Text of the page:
Bioethics is the study of the ethical issues raised by advances in the biological and medical sciences. It addresses moral issues in topics such as: life and death decision-making in the context of healthcare, health related social policies and laws, the role of technology in promoting collective and individual wellbeing. Bioethicists ask and answer questions like:
- Do foetuses have a right to life?
- Is it morally permissible for a doctor to help someone die?
- What are the social and political implications of the new genetic technologies?
- Do societies and governments have an obligation to provide universal healthcare?
- What social interventions are justified in preventing and combatting infectious diseases?
It is a fact of modern life that most people will, at some stage of their lives, face decisions that involve fundamental questions studied in bioethics. Bioethics is a fascinating, challenging, enjoyable, and intensely relevant field of study, which draws on philosophy, science, sociology, and other disciplines. It is an area of study with clear practical applications and where developments in science, medicine and technology continually pose new problems and open up new areas of research.
The study of bioethics develops skills in critical reasoning, argument, comprehension, communication, research, and logical analysis. These are the skills that employers look for in today’s world, where flexibility, creativity and the ability to adapt to rapid change are essential for a successful career. Graduates with a knowledge of bioethics may be especially attractive to employers in the areas of genetics, health science, medical and allied health practice, as well as research, government, law, and social policy.
The Monash Bioethics Centre offers a Minor in Bioethics as part of the Bachelor of Arts degree. Units may also be taken as electives in other degree programs across the University. Our teaching approach creates pathways for students to progress from an undergraduate interest in Bioethics, to pursuing the discipline through Honours, and then graduate coursework study or research.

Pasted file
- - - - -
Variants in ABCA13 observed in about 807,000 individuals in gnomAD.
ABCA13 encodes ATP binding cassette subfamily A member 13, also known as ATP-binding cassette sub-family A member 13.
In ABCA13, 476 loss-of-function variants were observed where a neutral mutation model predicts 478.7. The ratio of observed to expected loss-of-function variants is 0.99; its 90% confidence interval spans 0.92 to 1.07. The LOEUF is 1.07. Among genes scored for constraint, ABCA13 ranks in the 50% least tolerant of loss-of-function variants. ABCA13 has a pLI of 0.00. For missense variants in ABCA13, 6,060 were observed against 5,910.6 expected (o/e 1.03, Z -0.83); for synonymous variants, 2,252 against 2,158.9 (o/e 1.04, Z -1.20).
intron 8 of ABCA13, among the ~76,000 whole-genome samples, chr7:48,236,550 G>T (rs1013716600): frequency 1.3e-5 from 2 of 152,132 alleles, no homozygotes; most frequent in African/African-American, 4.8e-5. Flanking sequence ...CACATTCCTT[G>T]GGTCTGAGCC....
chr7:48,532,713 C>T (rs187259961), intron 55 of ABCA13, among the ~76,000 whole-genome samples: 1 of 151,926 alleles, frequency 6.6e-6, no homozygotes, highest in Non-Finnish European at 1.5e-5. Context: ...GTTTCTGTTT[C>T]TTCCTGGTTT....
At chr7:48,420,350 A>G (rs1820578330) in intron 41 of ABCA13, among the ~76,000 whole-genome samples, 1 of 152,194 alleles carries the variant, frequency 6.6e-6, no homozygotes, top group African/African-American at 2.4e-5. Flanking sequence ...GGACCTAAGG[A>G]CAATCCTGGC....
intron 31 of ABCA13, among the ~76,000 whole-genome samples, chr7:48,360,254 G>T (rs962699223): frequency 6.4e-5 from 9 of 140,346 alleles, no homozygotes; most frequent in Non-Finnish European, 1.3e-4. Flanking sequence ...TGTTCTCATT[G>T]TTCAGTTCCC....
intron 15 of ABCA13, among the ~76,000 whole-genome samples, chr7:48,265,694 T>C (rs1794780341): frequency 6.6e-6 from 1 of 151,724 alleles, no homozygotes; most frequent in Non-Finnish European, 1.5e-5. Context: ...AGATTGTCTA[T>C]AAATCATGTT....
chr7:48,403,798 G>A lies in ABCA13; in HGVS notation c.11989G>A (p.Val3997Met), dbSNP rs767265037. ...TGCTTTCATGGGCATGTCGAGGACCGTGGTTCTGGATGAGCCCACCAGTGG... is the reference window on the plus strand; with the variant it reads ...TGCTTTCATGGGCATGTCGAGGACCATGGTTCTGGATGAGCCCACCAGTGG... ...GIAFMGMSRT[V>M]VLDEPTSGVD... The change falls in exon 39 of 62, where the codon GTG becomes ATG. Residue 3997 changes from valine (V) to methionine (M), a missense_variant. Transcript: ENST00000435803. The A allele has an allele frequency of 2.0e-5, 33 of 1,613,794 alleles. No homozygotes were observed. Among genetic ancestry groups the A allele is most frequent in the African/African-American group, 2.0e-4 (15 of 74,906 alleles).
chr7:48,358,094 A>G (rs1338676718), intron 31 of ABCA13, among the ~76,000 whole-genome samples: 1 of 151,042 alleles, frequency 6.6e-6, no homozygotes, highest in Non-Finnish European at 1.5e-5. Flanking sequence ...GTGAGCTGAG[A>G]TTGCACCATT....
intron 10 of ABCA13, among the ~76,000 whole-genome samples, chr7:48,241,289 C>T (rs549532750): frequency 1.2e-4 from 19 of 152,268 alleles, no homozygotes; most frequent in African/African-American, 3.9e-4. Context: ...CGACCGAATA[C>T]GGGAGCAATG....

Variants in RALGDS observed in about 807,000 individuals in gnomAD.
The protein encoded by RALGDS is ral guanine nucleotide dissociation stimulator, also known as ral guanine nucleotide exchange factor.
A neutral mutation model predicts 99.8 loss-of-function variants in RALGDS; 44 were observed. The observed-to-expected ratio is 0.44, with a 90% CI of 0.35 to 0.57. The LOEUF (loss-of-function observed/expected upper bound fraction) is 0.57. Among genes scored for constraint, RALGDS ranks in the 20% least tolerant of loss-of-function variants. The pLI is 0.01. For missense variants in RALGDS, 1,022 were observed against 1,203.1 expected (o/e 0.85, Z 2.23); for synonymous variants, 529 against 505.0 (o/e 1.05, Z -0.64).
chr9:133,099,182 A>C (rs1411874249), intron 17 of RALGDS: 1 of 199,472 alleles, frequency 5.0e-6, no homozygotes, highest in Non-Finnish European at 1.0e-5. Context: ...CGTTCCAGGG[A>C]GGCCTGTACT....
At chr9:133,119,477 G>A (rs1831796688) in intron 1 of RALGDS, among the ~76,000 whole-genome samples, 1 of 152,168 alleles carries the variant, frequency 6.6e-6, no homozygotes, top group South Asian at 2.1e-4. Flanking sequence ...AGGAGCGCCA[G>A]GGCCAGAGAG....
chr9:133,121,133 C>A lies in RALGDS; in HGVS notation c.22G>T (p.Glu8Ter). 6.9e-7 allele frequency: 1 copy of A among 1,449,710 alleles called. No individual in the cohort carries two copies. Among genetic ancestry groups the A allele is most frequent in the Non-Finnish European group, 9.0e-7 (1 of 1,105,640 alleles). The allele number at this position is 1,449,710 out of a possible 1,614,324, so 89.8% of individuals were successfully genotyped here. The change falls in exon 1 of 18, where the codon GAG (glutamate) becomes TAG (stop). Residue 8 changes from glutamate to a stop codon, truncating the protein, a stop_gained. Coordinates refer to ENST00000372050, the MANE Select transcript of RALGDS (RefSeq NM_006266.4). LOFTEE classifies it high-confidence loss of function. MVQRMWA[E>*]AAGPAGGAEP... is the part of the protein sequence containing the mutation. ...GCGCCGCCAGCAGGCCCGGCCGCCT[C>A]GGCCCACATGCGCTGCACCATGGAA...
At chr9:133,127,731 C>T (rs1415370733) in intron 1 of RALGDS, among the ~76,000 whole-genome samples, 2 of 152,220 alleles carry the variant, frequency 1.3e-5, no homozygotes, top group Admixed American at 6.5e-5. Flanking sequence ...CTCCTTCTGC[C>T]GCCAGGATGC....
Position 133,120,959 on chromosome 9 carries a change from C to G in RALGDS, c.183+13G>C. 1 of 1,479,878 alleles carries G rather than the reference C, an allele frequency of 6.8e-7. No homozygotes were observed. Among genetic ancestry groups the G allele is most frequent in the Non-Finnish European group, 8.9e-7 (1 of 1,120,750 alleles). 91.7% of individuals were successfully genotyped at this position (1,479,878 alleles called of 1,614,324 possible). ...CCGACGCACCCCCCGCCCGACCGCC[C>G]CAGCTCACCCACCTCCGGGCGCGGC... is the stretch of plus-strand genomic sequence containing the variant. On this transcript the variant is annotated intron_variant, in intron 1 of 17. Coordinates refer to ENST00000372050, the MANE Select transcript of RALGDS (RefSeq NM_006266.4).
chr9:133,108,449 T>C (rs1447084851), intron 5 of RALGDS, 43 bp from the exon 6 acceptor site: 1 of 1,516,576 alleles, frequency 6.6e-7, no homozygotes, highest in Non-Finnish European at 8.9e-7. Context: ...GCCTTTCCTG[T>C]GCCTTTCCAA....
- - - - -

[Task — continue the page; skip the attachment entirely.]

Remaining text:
The Monash Bioethics Centre offers both coursework and research-based opportunities to further your study in Bioethics.
The Masters of Bioethics and the Graduate Certificate of Bioethics allows for advanced study in bioethics to enhance your career and follow your interests in this area. The programs are taught by international leaders in the field and provide opportunities to develop skills in ethical analysis, as well as research, writing and other professional capabilities. They are particularly well suited to healthcare professionals and scientists who face complex ethical issues in their working lives, as well as recent graduates seeking to further their knowledge and gain credentials in the area of Bioethics.
Research degrees in Bioethics allow you to develop a high degree of expertise in an area of particular interest to you. They entail extensive scholarly research, developing significant expertise and skills in critical reasoning, argument, comprehension, communication, research, and logical analysis, at the highest level.
Bioethics degrees by research are part of the Philosophy Graduate Research program.